Former three-term Gov. George Pataki worries that the massive flood of migrants crossing the southern border could trigger another Sept. 11-type terrorist attack.

“I fear the consequences of the open border that we can have another attack,” Pataki, who was governor during the 2001 terror attacks, said on WABC radio Monday morning.

He noted the federal border control statistics show more than 2 million migrants crossed the border this year — and not all of the illegal crossers have noble intentions.

“They’re not all coming for work. We know there are terrorists. We know there are people on the watch lists. We know there are people who’ve been smuggled across with one goal — to attack America,” Pataki said on the “Bernie & Sid in the Morning” show.

He blamed President Biden for the lax border, saying the president is “failing massively on the national security issue.”

Pataki linked the border crisis to potential terrorism while discussing the upcoming 21st anniversary of the Sept. 11 terrorist attacks that toppled the World Trade Center towers, killing nearly 3,000 people.

Former New York Gov. George Pataki said the Biden administration is "failing massively on the national security issue" of security at the border.
Former New York Gov. George Pataki said the Biden administration is “failing massively on the national security issue,” in reference to the US-Mexico border.
Dennis A. Clark

The Biden White House had no immediate response to Pataki’s terror comments.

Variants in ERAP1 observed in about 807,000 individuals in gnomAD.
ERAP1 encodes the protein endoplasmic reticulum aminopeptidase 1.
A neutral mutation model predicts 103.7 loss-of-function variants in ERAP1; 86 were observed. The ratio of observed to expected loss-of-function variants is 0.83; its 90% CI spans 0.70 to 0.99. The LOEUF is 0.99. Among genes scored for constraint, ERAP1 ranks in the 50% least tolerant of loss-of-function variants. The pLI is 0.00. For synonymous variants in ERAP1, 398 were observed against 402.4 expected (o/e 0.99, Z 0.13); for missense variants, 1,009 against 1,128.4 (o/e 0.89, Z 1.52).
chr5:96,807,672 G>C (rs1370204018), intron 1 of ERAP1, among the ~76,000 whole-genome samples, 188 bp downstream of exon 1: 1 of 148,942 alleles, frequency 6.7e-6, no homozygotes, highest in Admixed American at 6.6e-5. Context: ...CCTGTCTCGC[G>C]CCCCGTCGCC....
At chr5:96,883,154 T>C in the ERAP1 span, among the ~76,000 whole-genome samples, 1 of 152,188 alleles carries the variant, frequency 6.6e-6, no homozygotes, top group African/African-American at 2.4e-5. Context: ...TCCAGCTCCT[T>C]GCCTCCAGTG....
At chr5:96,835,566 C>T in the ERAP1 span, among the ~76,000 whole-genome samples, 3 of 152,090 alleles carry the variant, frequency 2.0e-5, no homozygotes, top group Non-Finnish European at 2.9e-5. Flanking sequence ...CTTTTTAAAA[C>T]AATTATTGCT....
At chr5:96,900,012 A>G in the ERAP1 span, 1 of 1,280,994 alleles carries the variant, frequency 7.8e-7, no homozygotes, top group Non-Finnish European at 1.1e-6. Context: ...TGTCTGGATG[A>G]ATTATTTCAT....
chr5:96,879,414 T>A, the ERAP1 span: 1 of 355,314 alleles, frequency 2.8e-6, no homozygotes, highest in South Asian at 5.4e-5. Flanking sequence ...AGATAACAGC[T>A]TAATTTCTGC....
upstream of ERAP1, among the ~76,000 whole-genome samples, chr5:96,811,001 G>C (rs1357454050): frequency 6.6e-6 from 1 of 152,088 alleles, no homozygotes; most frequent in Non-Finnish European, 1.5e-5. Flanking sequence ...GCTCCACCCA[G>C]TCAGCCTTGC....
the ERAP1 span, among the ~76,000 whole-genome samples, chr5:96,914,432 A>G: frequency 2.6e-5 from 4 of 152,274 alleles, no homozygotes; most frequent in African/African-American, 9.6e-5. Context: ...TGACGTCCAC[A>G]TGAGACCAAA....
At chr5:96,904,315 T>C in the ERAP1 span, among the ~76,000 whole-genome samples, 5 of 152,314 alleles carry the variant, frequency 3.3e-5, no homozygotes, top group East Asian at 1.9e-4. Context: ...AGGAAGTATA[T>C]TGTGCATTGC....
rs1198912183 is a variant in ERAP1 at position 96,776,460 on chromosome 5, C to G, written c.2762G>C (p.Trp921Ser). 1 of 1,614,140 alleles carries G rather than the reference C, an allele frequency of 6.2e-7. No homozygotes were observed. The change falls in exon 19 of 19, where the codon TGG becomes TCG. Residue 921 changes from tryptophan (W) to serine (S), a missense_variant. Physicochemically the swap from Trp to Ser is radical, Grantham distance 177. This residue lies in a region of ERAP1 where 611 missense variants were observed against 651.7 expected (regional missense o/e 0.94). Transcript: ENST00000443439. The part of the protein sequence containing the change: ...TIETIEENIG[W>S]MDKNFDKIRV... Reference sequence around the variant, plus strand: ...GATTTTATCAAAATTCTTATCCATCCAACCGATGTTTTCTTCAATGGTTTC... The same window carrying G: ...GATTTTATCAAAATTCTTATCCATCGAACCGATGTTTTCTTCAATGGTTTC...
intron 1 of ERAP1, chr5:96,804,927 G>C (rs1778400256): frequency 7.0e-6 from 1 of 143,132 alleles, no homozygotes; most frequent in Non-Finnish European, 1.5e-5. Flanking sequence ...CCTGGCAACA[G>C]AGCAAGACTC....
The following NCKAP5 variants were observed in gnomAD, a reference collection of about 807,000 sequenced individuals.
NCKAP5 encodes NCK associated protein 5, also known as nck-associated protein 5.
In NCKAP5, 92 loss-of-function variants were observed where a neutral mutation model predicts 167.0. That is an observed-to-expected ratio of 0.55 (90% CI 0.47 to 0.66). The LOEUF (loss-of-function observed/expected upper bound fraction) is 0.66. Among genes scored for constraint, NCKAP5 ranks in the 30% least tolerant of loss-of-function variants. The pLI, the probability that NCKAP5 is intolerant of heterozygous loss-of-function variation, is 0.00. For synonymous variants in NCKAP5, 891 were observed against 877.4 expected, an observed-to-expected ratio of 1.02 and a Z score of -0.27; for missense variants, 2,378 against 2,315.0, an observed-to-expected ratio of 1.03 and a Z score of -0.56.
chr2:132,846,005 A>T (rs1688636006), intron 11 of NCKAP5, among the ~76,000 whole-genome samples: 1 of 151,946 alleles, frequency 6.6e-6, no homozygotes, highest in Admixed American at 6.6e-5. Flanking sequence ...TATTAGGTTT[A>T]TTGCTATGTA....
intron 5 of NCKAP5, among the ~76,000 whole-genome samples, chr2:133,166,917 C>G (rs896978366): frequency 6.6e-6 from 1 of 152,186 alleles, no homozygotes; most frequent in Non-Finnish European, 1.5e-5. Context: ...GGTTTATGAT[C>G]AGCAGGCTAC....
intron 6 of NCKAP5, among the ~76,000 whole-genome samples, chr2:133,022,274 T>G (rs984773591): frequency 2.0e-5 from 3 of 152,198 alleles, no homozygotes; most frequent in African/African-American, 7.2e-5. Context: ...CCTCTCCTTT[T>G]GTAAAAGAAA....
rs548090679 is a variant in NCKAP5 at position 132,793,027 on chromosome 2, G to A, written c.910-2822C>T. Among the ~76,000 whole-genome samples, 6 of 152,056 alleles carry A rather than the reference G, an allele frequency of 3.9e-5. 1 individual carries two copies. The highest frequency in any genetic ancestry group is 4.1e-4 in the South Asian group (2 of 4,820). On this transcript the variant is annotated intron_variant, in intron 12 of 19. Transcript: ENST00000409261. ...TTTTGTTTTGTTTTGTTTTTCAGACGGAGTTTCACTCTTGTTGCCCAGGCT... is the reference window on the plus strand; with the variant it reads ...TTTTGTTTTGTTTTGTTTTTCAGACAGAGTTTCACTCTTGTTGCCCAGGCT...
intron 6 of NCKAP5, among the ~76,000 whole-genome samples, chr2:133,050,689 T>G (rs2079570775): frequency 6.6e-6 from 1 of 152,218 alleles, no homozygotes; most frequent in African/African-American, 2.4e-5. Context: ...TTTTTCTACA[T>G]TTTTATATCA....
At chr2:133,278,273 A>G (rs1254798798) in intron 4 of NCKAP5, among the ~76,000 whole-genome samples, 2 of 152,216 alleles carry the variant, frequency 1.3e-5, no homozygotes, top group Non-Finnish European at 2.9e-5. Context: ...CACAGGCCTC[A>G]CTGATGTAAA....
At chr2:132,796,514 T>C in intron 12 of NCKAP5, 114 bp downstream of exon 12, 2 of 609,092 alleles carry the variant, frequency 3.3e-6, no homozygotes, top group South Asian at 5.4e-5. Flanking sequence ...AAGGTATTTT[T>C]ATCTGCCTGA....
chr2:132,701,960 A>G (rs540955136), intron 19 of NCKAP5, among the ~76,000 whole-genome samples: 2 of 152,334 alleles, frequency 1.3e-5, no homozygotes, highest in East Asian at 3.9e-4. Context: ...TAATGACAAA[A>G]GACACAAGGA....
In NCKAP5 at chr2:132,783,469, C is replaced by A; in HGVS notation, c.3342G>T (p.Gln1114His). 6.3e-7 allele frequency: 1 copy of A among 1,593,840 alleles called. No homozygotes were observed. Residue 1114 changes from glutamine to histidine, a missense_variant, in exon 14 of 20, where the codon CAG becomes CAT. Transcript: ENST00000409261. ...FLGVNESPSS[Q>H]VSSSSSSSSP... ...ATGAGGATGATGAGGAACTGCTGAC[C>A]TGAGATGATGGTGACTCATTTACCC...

The last New York Republican governor, Pataki said GOP gubernatorial candidate Lee Zeldin has a shot at winning the statehouse this year by hammering Democratic incumbent Gov. Kathy Hochul and Democrats for worsening crime and declining quality of life, including an increase in mentally ill homeless on the streets.

“This state is headed in the wrong direction. This weekend, five people were shot in Albany. Albany is a small city. Crime is out of control across the state,” Pataki said.

Pataki worried the surge in migrants could lead to another terrorist attack similar to 9/11.
Pataki said he is worried that the surge in migrants could lead to another terrorist attack similar to 9/11.
AP Photo/Gulnara Samoilova, File

Pataki defeated three-term Democratic incumbent Mario Cuomo in 1994, focusing on New York’s crime, especially a debate over bringing back the death penalty, and economic woes and tagging his opponent as “too liberal for too long.”

“It’s a horrible situation. It’s so bad that it gives a Republican a chance to win the governorship,” he said of New York’s current state.

He said he has spoken to Zeldin, a Long Island congressman, about the campaign.

Pataki claimed the migrants entering the country are "not all coming for work" and some might attempt to plan an attack.
Pataki claimed the migrants entering the country are “not all coming for work” and some might attempt to plan an attack.
AP Photo/Gregory Bull

Pataki urged Zeldin to stick with a “clear message” that includes slamming Hochul and the Democrats over their controversial cashless bail law and vowing to replace it; standing by the police; overhauling the parole board to stop the release of violent felons before serving their maximum sentence; and going after prosecutors like Manhattan DA Alvin Bragg who don’t enforce the law. 

He advised Zeldin not to get discouraged by lack of press coverage in the dog days of summer.

“Be out on the streets every day,” Pataki said. “You just have to keep doing it over and over and over again and eventually break through.”



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